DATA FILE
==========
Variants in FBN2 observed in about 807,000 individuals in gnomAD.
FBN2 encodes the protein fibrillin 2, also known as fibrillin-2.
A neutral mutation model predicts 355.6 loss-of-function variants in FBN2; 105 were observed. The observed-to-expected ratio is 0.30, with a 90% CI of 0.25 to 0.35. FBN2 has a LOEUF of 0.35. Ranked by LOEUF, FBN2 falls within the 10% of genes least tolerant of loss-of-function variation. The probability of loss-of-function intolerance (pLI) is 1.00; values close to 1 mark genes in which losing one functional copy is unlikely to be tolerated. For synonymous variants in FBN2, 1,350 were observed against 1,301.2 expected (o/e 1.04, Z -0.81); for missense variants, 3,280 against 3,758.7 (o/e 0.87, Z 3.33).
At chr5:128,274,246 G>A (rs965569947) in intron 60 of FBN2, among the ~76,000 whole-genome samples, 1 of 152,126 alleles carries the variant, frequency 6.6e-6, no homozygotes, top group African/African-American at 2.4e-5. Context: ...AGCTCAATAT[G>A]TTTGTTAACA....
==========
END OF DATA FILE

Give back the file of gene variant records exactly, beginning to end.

Variants in FBN2 observed in about 807,000 individuals in gnomAD.
FBN2 encodes the protein fibrillin 2, also known as fibrillin-2.
A neutral mutation model predicts 355.6 loss-of-function variants in FBN2; 105 were observed. The observed-to-expected ratio is 0.30, with a 90% CI of 0.25 to 0.35. FBN2 has a LOEUF of 0.35. Ranked by LOEUF, FBN2 falls within the 10% of genes least tolerant of loss-of-function variation. The probability of loss-of-function intolerance (pLI) is 1.00; values close to 1 mark genes in which losing one functional copy is unlikely to be tolerated. For synonymous variants in FBN2, 1,350 were observed against 1,301.2 expected (o/e 1.04, Z -0.81); for missense variants, 3,280 against 3,758.7 (o/e 0.87, Z 3.33).
At chr5:128,274,246 G>A (rs965569947) in intron 60 of FBN2, among the ~76,000 whole-genome samples, 1 of 152,126 alleles carries the variant, frequency 6.6e-6, no homozygotes, top group African/African-American at 2.4e-5. Context: ...AGCTCAATAT[G>A]TTTGTTAACA....